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When Wall Street Catches a Cold...

January 22, 2008

Money_treeAfter five months of speculation, the news this morning suggests we are in or headed for a recession. Last week, in fact, Steven Cochrane, a senior managing director at Moody's Economy.com, noted that California, Michigan, and Florida already were in recession -- and the likelihood the rest of the country will soon join them is roiling financial markets from Wall Street to Hong Kong.

It would seem the only remaining question is how severe the recession will be. For U.S. foundations and nonprofit organizations, that question is far from academic.

Nonprofits could feel the impact in a variety of ways:

  • Individual companies, especially in the financial sector, are already reporting major hits to their profits. When profits are down, corporate charitable giving declines.
  • When markets decline, returns on foundation endowments -- and, eventually, grantmaking budgets -- follow suit.
  • When unemployment and economic insecurity rise, individuals cut back on their charitable contributions.
  • As economic activity slows and tax receipts fall, local and state governments are forced to cut social services and expenditures on health and education.

Stock market volatility is nothing new. Many of us recall October 19, 1987 -- "Black Monday" -- when the Dow Jones Industrial Average plunged 508 points, or 22.6 percent, in a single session.

Nonprofits are survivors, however. We're accustomed to wearing our belts snugly -- and tightening them when the economy takes a turn for the worse. During the early 1980s, many nonprofit organizations were forced to adjust to the Reagan administration's "trickle-down" approach to social problems. In fact, I wrote my book, Securing Your Organization's Future (firstpublished by the Foundation Center in 1987), to help nonprofit organizations successfully navigate changes in the economic landscape that characterized those years.

What lessons can we learn from the recent past in dealing with economic downturns? In the '80s, many nonprofits jump-started new earned-income enterprises, even as they found additional ways to cut expenses. In addition, many professionals from the world of business -- so-called "sector-jumpers" — left the private sector (either by choice or involuntarily) to seek the rewards of nonprofit work and were able to adapt their skill sets to a nonprofit environment. Planned giving efforts also took on greater significance, as an increasing number of wary donors became drawn to that form of giving.

Is that a prescription for nonprofit survival in the current economic climate? Are we better situated to weather the turmoil this time around? We'd love to hear your thoughts about what nonprofits and funders alike can and should do to help the charitable sector ride out the gathering economic storm.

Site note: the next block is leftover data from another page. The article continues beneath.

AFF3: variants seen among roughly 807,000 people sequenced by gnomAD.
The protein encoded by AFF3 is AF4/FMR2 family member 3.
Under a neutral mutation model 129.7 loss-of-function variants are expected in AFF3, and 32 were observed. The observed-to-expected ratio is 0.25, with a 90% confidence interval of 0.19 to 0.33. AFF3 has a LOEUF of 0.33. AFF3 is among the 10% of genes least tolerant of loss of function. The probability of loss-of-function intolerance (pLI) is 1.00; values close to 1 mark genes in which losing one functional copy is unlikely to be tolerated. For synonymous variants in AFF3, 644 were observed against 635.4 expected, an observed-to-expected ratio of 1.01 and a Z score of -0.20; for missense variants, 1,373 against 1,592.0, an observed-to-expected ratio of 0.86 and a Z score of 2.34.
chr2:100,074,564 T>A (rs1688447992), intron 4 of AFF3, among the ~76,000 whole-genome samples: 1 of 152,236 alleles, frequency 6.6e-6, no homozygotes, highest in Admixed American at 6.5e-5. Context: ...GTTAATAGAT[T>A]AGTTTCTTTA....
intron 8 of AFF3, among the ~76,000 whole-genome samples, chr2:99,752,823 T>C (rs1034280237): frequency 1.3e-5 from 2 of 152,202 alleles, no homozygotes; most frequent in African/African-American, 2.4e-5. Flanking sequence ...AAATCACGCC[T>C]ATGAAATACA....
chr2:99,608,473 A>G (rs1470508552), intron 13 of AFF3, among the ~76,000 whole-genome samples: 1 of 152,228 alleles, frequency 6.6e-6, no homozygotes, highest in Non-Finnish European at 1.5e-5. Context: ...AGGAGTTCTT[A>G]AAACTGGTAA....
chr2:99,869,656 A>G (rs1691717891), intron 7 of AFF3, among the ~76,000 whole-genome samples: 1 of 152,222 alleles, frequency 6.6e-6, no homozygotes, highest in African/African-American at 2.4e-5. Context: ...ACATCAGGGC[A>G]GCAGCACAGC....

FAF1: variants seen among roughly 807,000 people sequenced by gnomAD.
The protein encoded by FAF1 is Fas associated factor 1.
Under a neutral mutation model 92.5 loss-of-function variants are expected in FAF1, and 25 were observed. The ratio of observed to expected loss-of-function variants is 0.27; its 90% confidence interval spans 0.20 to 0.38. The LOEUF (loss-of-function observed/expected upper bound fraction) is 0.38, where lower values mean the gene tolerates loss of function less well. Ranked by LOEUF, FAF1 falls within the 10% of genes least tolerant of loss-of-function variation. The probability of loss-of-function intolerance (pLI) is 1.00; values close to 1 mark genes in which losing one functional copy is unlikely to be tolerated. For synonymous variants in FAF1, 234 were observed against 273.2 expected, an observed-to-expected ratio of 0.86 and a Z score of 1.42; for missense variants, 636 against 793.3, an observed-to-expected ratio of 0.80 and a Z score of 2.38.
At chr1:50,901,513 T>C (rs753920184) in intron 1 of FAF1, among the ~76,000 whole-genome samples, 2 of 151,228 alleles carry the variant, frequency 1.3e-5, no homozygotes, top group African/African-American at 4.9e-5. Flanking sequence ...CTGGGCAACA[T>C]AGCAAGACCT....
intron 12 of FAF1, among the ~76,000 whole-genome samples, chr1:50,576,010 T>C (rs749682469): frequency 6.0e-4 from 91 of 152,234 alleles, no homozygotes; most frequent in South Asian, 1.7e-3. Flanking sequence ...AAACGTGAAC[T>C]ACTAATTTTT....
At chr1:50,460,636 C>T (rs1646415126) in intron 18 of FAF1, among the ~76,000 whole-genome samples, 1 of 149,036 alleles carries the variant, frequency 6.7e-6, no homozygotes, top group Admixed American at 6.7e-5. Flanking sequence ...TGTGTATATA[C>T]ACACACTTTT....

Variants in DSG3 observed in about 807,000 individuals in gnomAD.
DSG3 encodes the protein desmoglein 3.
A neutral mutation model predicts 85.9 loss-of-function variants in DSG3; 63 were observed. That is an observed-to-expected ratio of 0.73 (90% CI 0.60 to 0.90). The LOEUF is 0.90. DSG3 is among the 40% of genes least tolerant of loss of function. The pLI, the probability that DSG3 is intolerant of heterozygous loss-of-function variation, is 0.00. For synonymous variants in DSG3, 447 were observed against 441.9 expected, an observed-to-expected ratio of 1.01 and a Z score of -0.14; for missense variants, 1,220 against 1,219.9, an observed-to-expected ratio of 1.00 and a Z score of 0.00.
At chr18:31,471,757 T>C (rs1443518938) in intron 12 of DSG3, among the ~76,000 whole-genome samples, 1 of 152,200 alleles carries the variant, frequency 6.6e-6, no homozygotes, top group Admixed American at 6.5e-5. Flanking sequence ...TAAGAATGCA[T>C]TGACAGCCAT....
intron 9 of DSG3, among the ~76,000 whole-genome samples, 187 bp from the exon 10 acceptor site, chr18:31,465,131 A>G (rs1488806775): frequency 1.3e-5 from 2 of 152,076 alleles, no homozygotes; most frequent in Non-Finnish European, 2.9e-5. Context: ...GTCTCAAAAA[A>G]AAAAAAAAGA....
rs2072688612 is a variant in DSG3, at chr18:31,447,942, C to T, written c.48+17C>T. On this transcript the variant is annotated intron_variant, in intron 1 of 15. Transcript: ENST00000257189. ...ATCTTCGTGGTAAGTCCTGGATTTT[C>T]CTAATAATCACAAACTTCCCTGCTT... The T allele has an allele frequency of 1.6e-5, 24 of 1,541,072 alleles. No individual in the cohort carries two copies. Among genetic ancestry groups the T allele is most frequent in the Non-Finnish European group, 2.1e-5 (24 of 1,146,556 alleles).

-- Michael Seltzer

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Putting Presidential Candidates On The Path To Disclosing Their Philanthropic Positions

Here are jump-start questions for Presidential Candidate Debate organizers, the media and individual citizens to ask.


"Candidate X, tell us, in this time of economic uncertainty . . .

1. Who is your role model for good giving and why?

2. What's the most satisfying gift you've given . . . and what did you get by giving it?

3 What do you care about, give to now and why?

4. America is the most giving country in world. What will you do to continue and expand that ethic?

5. What's your stance on encouraging volunteering and dollar donation by all Americans?

6. What stops people from giving and what national policies and legislation will you champion to dissolve that?"

For strategies to quiz candidates and advocacy news, visit the Nonprofit Congress http://www.nonprofitcongress.org/?q=Election08 for resources and view a video interview on the their project at http://www.nonprofitcongress.org/?q=primaryprojectvideo Also visit the New Hampshire Center for Nonprofits, http://www.nhnonprofits.org/primaryproject.cfm Chronicle of Philanthropy story at "Nonprofit Primary Pursuits : New effort seeks to get candidates to focus on the charitable world" by Suzanne Perry http://philanthropy.com/free/articles/v20/i07/07004901.htm

Submitted by:

Charles Bernard Maclean

Donor Advocate & Committed Listener

www.philanthropynow.com

Author of the series, "Financial Advisors As Philanthropy Door Openers To Good Giving"

Wisdom from India: "On the day you die you will not be judged on how much you gave . . . but rather on how much you held back."

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    — Asha Curran, Chief Executive Officer/Co-Founder, GivingTuesday

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